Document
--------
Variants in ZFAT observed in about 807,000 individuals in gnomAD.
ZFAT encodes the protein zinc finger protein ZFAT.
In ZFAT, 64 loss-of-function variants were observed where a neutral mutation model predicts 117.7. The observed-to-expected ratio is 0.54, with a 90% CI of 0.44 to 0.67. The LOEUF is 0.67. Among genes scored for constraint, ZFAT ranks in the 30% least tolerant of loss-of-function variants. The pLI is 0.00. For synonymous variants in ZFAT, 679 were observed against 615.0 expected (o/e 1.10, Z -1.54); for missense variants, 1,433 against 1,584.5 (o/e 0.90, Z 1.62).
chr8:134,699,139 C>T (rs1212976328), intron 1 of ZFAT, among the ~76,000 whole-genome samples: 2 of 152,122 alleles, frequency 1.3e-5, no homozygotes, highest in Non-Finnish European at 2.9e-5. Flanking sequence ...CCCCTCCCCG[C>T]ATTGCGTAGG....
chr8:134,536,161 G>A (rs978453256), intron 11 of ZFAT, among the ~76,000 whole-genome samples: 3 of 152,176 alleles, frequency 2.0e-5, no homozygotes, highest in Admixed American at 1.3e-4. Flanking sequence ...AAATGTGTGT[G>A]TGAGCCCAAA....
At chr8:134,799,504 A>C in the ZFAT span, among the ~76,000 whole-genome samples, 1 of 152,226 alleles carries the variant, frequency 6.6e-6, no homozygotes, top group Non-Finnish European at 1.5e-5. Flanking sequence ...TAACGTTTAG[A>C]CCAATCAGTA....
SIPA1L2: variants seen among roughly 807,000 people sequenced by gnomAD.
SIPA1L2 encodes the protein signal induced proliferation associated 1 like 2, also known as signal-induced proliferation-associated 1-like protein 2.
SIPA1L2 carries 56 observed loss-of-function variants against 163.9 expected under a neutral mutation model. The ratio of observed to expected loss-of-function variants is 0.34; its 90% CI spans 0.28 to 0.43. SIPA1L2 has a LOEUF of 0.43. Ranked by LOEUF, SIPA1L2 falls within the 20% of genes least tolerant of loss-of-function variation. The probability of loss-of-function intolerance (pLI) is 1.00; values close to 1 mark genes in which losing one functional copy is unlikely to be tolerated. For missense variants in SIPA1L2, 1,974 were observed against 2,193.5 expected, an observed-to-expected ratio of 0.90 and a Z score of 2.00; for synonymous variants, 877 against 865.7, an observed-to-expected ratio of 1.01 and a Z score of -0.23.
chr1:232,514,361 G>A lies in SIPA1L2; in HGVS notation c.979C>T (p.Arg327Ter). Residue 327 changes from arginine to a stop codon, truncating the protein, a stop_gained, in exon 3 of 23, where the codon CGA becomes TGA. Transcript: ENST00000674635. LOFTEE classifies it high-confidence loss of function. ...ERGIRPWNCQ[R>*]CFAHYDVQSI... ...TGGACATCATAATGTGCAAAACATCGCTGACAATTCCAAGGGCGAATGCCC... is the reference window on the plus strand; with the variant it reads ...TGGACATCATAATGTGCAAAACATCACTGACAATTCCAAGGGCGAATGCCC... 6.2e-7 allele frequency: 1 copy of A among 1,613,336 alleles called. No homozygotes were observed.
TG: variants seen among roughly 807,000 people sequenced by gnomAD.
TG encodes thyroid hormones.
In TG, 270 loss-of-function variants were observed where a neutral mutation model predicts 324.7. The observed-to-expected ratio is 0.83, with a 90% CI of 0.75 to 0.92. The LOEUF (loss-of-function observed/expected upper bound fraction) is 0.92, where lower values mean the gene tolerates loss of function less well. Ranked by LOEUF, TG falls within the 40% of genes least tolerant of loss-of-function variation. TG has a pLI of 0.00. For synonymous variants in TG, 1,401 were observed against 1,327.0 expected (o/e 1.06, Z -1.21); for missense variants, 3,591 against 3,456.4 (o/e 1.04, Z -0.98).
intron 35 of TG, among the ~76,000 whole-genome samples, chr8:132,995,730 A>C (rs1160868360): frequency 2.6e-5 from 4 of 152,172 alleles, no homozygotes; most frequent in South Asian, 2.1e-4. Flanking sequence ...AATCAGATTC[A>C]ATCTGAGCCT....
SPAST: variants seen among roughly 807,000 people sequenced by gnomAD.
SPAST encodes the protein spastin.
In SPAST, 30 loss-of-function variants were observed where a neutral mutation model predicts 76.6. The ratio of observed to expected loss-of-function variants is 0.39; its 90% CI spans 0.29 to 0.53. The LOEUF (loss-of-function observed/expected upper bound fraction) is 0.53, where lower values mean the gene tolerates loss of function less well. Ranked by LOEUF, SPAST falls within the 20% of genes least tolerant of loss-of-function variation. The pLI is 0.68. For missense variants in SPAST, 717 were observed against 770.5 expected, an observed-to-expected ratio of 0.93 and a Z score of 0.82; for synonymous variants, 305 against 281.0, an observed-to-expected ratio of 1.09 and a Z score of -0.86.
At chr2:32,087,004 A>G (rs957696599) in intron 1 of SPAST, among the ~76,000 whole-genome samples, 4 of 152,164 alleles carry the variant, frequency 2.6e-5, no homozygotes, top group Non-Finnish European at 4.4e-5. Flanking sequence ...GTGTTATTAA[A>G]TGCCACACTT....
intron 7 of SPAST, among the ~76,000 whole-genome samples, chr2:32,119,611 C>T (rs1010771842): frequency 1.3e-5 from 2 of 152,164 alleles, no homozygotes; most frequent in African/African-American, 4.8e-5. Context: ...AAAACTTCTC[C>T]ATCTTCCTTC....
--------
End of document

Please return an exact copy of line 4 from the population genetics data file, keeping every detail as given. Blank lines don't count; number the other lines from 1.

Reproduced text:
chr8:134,699,139 C>T (rs1212976328), intron 1 of ZFAT, among the ~76,000 whole-genome samples: 2 of 152,122 alleles, frequency 1.3e-5, no homozygotes, highest in Non-Finnish European at 2.9e-5. Flanking sequence ...CCCCTCCCCG[C>T]ATTGCGTAGG....